Tinder Users Can Soon Trigger A Panic Alarm If They Feel Unsafe On A Date

Tinder users will be able to input details about their dates, share location services so the app tracks them during a date, and hit a panic button if they need to alert emergency services.

If you've ever felt unsafe and in need of help while out on a date with someone you met on an app, you're not alone.

Now, in a bid to address longstanding concerns over the safety of its users, Tinder will unveil new features that allow users to share details about upcoming dates and alert the authorities if they need help or are in danger.

Tinder's parent company, Match Group, announced Thursday its partnership with Noonlight, a safety app that tracks people's locations and sends that information to emergency services when an alarm on the app is triggered.

“You should run a dating business as if you are a mom,” Match Group chief executive Mandy Ginsberg told the Wall Street Journal. “I think a lot about safety, especially on our platforms, and what we can do to curtail bad behavior."

According to a Tinder press release, beginning Jan. 28, users can input information about their dates in the Noonlight feature, including when and where they are going, and with whom; share location services so the app tracks them during a date; and hit a panic button if they need to alert emergency services.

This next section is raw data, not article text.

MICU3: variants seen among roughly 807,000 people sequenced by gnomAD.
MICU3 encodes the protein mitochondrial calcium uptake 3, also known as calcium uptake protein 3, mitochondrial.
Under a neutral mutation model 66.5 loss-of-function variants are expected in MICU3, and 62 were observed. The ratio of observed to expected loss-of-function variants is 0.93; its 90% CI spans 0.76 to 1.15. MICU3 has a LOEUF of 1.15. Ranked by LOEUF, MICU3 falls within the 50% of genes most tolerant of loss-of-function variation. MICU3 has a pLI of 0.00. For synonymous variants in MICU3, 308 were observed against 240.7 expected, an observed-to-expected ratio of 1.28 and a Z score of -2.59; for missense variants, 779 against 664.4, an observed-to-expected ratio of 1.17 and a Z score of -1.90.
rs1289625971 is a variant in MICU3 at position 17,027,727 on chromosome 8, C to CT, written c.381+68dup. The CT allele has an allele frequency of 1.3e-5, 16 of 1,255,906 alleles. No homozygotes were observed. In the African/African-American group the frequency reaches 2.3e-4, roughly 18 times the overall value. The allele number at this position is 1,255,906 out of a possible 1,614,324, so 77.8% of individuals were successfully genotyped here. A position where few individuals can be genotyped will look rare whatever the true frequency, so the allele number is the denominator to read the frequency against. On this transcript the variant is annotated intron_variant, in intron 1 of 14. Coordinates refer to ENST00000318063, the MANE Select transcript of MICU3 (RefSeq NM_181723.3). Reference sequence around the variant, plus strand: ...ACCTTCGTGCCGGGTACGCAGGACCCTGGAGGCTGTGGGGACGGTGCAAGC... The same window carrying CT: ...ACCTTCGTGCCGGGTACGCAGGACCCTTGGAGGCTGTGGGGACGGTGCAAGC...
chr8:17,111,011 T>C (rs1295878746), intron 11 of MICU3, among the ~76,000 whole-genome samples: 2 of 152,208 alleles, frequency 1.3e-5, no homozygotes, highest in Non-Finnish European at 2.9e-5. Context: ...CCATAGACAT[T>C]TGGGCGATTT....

Triggering the panic button will alert a certified dispatcher with Noonlight, who will then notify authorities like local police.

Once a Tinder user opts in to Noonlight, they have the option to add a badge to their profile.

Tinder CEO Elie Seidman told the Journal, “I liken this to the lawn sign from a security system."

"It serves as a deterrent if people feel comfortable putting it on their profiles," a Tinder spokesperson added to BuzzFeed News.

Though location sharing may be a privacy concern for users, the Tinder spokesperson said users will be sharing that data with Noonlight, not the dating app itself.

"Noonlight does not share or sell any data, and we only use data to get you help in the event of an emergency," Addy Bhasin, a Noonlight spokesperson, told BuzzFeed News.

Bhasin said users have the option to turn location sharing on and off when they choose.

"So when you go on your date you can turn it on, and when your date ends you can turn it off," she said.

Along with Noonlight, Tinder will roll out photo verification and a feature that detects inappropriate messages and allows users to report the sender. Match Group, which owns Tinder, Plenty of Fish, Match, OkCupid, and Hinge, will integrate Noonlight in its other dating apps later this year.

Dating apps have long faced criticism for failing to protect vulnerable users from harassment and abuse, both on their platforms and off.

In December, BuzzFeed News, Columbia Journalism Investigations, and ProPublica reported that Match Group had no policy in place to screen nonpaying members, and subsequently exposed users to registered sex offenders on most of its apps.

In most of the 157 incidents of sexual assault involving dating apps that the report found over the decade, the victims, who were mostly women, met their male attackers through dating apps owned by Match Group.

A company spokesperson said at the time that the 157 cases “need to be put in perspective with the tens of millions of people that have used our dating products.”

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